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Boomers Not Flocking to Buy Long-Term Care Coverage

  • August 16th, 2018

[This article was originally published on July 1, 2002.  The links were updated on August 16, 2018.]

The 76 million baby boomers are a 'huge potential market' for long-term care as they age, but so far few are buying policies, according to an Associated Press article in the Columbus Dispatch.

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Although many boomers are now witnessing in their aging parents how financially devastating a long-term illness can be, only 8 million policies have been sold to date, and by no means all of the purchasers have been boomers (generally defined as those born between 1946 and 1960).

Cost 'remains a big obstacle" for many consumers. According to Weiss Ratings, a 55-year-old who purchases a comprehensive policy would have to pay a premium of $1,730 to $2,733 per year. Prices vary dramatically among insurers, and it's difficult to gauge where health costs will be when the coverage is needed. Marilee Driscoll, head of the Long-Term Care Learning Institute in Plymouth, Mass., calls long-term care insurance "one of the most complex insurance products people will buy. You really need a specialist to help you select the best coverage for you."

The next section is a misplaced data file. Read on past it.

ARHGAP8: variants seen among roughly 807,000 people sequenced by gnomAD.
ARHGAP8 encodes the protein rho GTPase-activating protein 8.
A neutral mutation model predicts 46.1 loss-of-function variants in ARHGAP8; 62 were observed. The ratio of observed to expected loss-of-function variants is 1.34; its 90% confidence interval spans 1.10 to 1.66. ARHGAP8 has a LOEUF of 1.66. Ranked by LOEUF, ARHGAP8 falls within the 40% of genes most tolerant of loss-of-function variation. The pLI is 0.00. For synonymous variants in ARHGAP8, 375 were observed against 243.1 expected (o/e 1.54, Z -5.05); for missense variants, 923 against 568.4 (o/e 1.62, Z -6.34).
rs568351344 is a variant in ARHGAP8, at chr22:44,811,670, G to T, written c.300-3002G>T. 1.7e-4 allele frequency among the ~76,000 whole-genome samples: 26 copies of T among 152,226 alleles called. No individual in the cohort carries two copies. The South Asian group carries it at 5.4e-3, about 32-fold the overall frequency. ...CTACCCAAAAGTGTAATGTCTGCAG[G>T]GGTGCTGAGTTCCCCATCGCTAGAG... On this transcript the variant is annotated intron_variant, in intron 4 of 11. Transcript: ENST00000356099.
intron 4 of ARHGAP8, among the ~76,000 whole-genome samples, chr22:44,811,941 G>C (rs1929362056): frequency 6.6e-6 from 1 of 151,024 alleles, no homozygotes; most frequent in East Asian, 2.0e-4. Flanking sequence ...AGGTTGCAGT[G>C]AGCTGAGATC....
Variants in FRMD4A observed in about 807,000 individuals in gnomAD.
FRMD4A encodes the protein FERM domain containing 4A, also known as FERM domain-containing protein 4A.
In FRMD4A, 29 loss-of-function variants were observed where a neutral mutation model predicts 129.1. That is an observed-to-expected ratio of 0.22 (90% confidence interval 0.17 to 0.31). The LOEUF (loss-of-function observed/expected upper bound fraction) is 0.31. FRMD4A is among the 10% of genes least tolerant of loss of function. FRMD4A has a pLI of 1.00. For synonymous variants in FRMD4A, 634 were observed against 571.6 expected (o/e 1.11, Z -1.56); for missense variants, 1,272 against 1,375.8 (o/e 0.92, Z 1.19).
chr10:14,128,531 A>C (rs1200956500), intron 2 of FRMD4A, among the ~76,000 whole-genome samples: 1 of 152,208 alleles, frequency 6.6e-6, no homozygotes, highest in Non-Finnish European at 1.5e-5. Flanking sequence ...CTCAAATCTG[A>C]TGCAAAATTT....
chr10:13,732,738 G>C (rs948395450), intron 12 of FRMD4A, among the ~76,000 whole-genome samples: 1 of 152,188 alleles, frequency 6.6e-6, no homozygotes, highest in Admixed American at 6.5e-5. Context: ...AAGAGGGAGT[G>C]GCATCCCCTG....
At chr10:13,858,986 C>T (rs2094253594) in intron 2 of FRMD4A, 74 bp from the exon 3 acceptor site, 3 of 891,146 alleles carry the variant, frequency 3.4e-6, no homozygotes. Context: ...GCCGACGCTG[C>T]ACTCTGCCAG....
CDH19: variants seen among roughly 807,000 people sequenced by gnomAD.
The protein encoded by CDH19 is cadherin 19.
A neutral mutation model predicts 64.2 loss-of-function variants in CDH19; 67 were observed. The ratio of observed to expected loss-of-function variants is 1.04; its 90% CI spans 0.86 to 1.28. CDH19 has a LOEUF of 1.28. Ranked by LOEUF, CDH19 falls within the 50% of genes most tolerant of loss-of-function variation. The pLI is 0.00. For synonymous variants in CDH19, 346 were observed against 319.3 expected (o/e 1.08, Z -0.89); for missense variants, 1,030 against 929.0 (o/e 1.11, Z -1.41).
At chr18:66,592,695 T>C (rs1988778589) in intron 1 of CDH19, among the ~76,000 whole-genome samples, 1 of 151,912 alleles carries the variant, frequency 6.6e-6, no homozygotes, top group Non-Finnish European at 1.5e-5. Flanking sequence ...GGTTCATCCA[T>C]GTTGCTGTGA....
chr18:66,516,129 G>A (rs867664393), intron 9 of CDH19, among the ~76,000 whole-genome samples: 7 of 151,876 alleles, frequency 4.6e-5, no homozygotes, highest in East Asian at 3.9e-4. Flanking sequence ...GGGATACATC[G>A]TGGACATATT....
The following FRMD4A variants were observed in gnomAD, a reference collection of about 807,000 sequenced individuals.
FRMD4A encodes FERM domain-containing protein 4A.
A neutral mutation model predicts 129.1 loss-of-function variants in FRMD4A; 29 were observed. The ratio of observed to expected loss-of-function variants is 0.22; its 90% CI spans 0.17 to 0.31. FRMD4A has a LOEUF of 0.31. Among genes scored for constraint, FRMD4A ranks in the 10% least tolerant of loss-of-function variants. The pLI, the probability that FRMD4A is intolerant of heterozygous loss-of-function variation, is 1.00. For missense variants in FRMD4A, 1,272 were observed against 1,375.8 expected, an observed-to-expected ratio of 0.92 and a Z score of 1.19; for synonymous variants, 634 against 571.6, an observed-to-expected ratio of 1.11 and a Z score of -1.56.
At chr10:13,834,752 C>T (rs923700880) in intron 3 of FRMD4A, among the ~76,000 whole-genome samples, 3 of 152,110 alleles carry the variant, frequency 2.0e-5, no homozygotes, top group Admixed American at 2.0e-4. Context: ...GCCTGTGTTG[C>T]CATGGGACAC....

For the complete article from the Columbus Dispatch, click here (registration is required).

Note: ElderLawAnswers believes that insurance agents and brokers selling long-term care insurance should be highly trained and know how to recommend the right coverage based on a client's finances and objectives. ElderLawAnswers has determined that The Corporation for Long-Term Care's professional designation 'Certified in Long-Term Care' (CLTC) offers a rigid program that meets these criteria. For a directory of CLTC graduates and other information, visit the CLTC Web site at www.ltc-cltc.com.

For more on long-term care insurance, click here.


Last Modified: 08/16/2018
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